|Amos - James Tissot|
TO CHEW ON: "Then Amos answered, and said to Amaziah:
'I was no prophet, nor was I the son of a prophet but I was a sheepherder and tender of sycamore fruit. Then the Lord took me as I followed the flock and the Lord said to me, "Go prophesy to My people Israel."'" Amos 7:14-15
Amos was on the defensive. Amaziah, the priest of Bethel, had reported him to King Jeroboam II because of his negative prophecies, no doubt hoping the king would expel Amos from the land. Amaziah himself ordered Amos off his religious turf: 'Go be a prophet—ply your trade—in your own land of Judah' he said (Amos 7:12,13).
(You may recall that worship at Bethel involved a golden calf that the first king Jeroboam set up when he wanted to keep the ten tribes of Israel from returning regularly to Judah to worship at the Jerusalem temple - 1 Kings 12:25-33. )
But Amos had complete confidence in his vocation. He was not a professional prophet, he told Amaziah. Rather he was a farmer. He is identified as "among the sheep breeders of Tekoa" (Amos 1:1). Here he tells Amaziah how the LORD gave him his assignment "…as I followed the flock. And the Lord said to me 'Go prophesy to My people Israel'" - Amos 7:15). Historians believe that his prophetic ministry (between 760 and 750 B.C.) was less than two years.
As I think of Amos, I wonder how aware and responsive we are to God's call. Would we be willing to switch careers if God called us to something different? Does God have our willingness for short assignments, or assignments of undetermined length?
Leslyn Musch advises well in her commentary on these verses:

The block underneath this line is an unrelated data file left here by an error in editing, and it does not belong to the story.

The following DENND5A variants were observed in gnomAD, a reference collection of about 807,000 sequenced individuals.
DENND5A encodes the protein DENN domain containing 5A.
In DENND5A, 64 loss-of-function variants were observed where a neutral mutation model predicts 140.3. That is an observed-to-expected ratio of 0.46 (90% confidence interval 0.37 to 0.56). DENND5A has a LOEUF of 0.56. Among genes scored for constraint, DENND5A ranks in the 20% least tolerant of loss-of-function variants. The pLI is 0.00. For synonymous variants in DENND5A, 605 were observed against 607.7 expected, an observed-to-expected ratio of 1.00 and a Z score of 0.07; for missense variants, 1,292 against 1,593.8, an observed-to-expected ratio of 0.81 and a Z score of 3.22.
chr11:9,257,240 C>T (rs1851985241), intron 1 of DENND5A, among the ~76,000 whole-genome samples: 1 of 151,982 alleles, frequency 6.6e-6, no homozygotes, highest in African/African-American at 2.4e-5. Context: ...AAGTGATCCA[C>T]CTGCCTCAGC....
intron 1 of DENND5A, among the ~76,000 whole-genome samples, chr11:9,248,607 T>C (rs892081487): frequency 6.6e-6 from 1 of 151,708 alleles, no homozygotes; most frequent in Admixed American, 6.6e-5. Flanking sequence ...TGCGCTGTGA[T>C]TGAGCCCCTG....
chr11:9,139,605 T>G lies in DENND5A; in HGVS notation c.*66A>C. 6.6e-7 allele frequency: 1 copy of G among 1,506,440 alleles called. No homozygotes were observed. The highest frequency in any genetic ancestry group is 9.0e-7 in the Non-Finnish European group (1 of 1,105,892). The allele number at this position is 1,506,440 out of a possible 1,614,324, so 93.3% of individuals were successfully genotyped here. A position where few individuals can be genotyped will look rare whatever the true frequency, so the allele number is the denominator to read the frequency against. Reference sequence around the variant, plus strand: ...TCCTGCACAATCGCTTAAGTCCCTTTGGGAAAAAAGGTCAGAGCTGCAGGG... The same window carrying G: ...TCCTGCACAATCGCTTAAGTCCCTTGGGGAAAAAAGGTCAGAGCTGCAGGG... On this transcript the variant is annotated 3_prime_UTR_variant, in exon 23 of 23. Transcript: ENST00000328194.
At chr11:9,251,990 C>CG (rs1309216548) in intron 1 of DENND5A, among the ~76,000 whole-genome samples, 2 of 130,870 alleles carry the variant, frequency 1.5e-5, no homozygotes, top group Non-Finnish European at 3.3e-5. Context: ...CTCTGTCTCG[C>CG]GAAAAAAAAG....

"Be willing to receive and follow God's call regardless of your 'qualifications.' Training is vital to help you grow in your call and gifts but it is not a prerequisite to being called. Like Amos, respond to the Lord's call in faithfulness" - Leslyn Musch, Truth-In-Action Through Amos, New Spirit-Filled Life Bible, p. 1185.
PRAYER: Dear God, please help me to have ears tuned to Your voice and a heart to say 'yes' to whatever and wherever Your calling sends. Amen.
MORE: Ordinary vs. special calling
Os Guinness in his book The Call, speaks about a person's "ordinary calling" and "later special calling":
"…. A special calling refers to those tasks and missions laid on individuals through a direct, specific, supernatural communication from God. Ordinary calling, on the other hand, is the believer's sense of life-purpose and life-task in response to God's primary call, 'follow me,' even when there is no direct, specific, supernatural communication from God about a secondary calling.
In other words, ordinary calling can be seen in our responsibility to exercise a high degree of 'capitalist-style' enterprise about how we live our lives. For example, the servants in Jesus' parable of the talents and pounds were assessed according to how they 'got on with it' when the master was away. In this sense no follower of Christ is without a calling, for we all have an original calling even if we do not all have a later, special calling. And, of course, some people have both" - Os Guinness, The Call, pp. 48, 49 (emphasis added).
The Holy Bible, New King James Version Copyright © 1982 by Thomas Nelson, Inc. - Used with permission.